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Preserve America
is a national initiative that encourages and supports community efforts to preserve and enjoy our priceless cultural and natural heritage. The goals of Preserve America include a greater shared knowledge about the nation’s past, stronger regional identities and local pride, increased local participation in preserving the country’s cultural and natural heritage assets, and support for the economic vitality of our communities. In addition to Preserve America communities and grants, the program includes an award for preservation efforts by communities and federal agencies, as well as awards for teachers of history.  Major components of the Preserve America initiative include the following:

Preserve America Communities Program

This program recognizes and designates communities, neighborhoods, and tribal governments that protect and celebrate their heritage, use their historic assets for economic development and community revitalization, and encourage people to experience and appreciate local historic resources through education and heritage tourism programs. Since the program began, more than 850 communities (including nine neighborhoods) have been designated as Preserve America Communities in all 50 states and one U.S. territory.

Benefits of designation include White House recognition; eligibility to apply for Preserve America grants; a certificate of recognition; a Preserve America Community road sign; authorization to use the Preserve America logo on signs, flags, banners, and promotional materials; listing in a web-based Preserve America Community directory; inclusion in national and regional press releases; official notification of designation to state tourism offices and visitors bureaus; and enhanced community visibility and pride. Applications are accepted quarterly; deadlines are March 1, June 1, September 1, and December 1.

Preserve America Grants

The Role of the OHP in Preserve America

The federal government carved out a limited role for the states in administration of the Preserve America program. Preserve America applicants (as a community or neighborhood) are required to consult with OHP and the applicant is required to demonstrate that such consultation took place. OHP will review the application and provide a letter of support. The application process for Certified Local Governments (CLGs) is streamlined. Staff contacts for the Preserve America Program are to the right on this webpage. Note: OHP idoes not make the decision regarding Preserve America designations and is not involved in the review or approval of applications for Preserve America grants.

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Preserve America communities in California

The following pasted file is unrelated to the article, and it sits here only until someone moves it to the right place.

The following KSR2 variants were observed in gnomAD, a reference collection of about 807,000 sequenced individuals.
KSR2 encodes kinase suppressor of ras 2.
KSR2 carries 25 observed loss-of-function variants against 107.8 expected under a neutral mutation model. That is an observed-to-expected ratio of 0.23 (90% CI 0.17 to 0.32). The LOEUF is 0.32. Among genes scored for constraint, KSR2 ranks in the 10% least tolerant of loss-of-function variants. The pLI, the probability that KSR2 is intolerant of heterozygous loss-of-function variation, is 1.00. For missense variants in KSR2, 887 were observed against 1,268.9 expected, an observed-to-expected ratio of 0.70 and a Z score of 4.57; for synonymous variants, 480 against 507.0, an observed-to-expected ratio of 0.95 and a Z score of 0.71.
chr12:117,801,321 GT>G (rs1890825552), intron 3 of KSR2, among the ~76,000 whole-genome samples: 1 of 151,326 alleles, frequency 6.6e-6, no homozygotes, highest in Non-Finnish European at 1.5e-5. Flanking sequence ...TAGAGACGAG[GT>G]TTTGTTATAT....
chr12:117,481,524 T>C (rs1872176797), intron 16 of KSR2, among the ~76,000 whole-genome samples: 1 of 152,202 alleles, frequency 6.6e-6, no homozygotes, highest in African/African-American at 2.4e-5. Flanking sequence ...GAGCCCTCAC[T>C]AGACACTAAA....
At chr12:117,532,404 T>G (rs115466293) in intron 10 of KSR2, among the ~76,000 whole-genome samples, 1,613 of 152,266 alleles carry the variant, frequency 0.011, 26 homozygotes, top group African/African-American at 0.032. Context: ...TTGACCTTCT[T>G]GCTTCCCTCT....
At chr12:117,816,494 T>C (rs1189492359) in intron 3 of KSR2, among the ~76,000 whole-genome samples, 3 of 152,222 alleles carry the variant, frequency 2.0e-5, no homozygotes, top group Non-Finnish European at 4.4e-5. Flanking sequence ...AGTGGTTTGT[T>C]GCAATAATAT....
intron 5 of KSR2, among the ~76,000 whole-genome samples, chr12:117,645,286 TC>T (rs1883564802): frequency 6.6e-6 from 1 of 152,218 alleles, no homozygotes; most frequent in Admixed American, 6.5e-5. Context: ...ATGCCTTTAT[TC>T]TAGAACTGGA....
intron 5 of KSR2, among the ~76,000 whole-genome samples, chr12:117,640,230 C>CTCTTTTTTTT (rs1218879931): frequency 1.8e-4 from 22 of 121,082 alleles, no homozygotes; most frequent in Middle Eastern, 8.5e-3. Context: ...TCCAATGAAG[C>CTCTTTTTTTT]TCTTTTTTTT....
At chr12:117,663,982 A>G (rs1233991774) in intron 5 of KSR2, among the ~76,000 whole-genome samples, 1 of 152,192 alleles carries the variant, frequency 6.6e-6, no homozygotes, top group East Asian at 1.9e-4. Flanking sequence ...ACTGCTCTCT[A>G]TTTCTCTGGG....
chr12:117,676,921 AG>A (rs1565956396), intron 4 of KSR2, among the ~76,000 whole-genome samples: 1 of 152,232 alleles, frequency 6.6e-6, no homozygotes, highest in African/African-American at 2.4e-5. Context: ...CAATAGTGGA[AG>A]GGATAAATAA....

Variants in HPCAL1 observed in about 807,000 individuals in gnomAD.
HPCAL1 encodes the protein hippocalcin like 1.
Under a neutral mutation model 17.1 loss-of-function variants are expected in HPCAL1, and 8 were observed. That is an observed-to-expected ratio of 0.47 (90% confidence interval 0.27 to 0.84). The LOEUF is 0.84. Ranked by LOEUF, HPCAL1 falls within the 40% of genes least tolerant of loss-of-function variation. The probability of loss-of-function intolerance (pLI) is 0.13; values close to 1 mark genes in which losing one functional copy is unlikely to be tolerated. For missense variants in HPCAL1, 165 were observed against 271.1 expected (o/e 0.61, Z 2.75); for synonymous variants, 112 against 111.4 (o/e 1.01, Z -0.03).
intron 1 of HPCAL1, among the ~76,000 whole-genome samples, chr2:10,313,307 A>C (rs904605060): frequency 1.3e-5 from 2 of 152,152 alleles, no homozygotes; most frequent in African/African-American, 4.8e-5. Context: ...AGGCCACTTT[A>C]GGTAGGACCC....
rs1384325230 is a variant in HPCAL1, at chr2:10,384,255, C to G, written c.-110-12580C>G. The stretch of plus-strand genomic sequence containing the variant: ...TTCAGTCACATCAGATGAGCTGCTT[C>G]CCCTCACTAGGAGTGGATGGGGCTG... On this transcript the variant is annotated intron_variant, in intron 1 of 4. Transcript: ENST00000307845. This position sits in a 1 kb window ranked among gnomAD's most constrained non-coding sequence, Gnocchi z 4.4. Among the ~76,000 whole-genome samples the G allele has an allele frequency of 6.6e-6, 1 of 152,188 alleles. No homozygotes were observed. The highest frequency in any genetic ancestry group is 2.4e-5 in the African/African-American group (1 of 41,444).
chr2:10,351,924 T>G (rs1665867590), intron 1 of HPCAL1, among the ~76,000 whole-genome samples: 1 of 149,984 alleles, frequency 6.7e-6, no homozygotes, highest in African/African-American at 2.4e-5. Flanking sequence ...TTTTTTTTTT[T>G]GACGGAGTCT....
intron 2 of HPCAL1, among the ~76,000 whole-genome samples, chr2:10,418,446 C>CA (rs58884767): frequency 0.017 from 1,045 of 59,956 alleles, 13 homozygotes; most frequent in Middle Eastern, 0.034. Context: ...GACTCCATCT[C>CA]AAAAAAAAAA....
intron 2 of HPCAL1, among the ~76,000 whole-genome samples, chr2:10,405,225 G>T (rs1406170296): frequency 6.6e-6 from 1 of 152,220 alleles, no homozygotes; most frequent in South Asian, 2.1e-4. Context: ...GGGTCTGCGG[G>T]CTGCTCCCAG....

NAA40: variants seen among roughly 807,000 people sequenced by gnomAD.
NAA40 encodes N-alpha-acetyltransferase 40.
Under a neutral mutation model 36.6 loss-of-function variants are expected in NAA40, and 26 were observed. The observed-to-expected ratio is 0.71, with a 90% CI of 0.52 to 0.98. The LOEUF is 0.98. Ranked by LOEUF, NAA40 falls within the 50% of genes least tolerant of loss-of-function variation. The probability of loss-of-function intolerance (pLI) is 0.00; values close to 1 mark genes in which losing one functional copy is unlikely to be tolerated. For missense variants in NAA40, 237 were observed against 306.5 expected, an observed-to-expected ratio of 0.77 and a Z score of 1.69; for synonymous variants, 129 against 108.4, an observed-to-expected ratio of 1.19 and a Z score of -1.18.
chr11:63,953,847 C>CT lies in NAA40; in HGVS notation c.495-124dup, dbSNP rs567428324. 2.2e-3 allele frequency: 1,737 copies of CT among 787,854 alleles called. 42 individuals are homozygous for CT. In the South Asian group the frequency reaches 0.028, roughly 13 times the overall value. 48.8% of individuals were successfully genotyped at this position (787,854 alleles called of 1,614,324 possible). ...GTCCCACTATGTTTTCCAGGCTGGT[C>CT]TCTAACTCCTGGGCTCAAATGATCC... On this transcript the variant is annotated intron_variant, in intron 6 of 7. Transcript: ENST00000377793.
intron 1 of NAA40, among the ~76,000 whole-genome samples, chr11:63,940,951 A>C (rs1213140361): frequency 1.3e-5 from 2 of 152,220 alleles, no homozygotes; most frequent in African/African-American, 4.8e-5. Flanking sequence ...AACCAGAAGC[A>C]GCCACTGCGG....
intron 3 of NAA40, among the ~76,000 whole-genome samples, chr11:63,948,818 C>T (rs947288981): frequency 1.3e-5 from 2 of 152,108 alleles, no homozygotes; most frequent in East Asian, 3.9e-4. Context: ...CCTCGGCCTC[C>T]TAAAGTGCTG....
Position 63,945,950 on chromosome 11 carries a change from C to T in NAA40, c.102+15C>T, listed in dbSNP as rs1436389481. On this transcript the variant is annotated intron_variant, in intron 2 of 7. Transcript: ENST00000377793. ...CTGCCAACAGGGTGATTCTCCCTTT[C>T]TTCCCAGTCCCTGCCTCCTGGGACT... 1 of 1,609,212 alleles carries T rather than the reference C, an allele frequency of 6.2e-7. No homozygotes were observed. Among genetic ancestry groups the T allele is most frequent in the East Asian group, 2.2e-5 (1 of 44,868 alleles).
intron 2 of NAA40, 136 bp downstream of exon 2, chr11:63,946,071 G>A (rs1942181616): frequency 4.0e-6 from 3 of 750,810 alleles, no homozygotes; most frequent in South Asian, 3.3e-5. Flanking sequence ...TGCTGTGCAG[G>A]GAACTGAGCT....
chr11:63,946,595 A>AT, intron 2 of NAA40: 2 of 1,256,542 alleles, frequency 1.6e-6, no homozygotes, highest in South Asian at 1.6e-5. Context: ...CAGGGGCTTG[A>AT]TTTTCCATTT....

There are currently 26 Preserve America designations in California. These include two counties (Tuolumne and Monterey); five neighborhoods in large cities (Little Tokyo, Thai Town, and Chinatown in Los Angeles, Little Italy in San Diego, and Japantown in San Francisco); and nineteen cities. The nineteen cities are: Elk Grove; Fresno; Fullerton; Livermore; Mendocino; Monterey; Ontario; Redlands; Richmond; Sacramento; San Clemente; San Juan Bautista; San Ramon; Santa Ana; Santa Barbara; Santa Monica; Santa Rosa; Ventura; and Weaverville.

To date, eight Preserve America grant awards have been given in California:
  • Monterey: “Toward a Seamless Monterey Experience.” $100,000, to develop a coordinated interactive wayfinding and signage program to promote historic and cultural resources, document and interpret public and private heritage assets, and enhance the visitor experience in the City of Monterey.
  • Wiyot Tribe THPO: “Indian Island Interpretation and Education Project.” $100,000 to design and install designated interpretive trail markers at significant tribal locations and produce educational kiosks to provide a variety of audio and visual self guided presentations.
  • Richmond: “Preserve Richmond to Interpret and Support Memories.” $75,000 to sponsor reconnaissance survey work that will identify historic resources to be incorporated into the Rosie the Riveter/World War II Home Front Historical Park.
  • San Clemente:  “San Clemente Wayfinding Sign Program.” $30,000 to develop a wayfinding program to direct visitors to historical and cultural resources in town.
  • Santa Monica: “Santa Monica Pier.” $100,000 to promote the historicaland cultural value of the Santa Monica Pier through a yearlong celebration and promotional campaign.
  • Weaverville: “Marketing and Wayfinding Project.” $28,754 to develop a marketing project to promote heritage festivals, advertise local museum content, and develop wayfinding guides to the town.
  • Santa Monica:  “Beach Cultural Mapping Project.” $100,000 to fund a reconnaissance survey of historic sites along the beachfront, with an eye to adding historical makers and interpretive exhibits in the future.
  • Los Angeles – Thai Town, Little Tokyo, and Chinatown: “Asian Pacific Islander Neighborhood Cultural Heritage and Hospitality Education and Training.”  $250,000 to fund a critical assessment of cultural and historical assets, develop hospitality training material, provide training materials for communities to become self-sustaining heritage centers, and provide historic preservation services to the communities.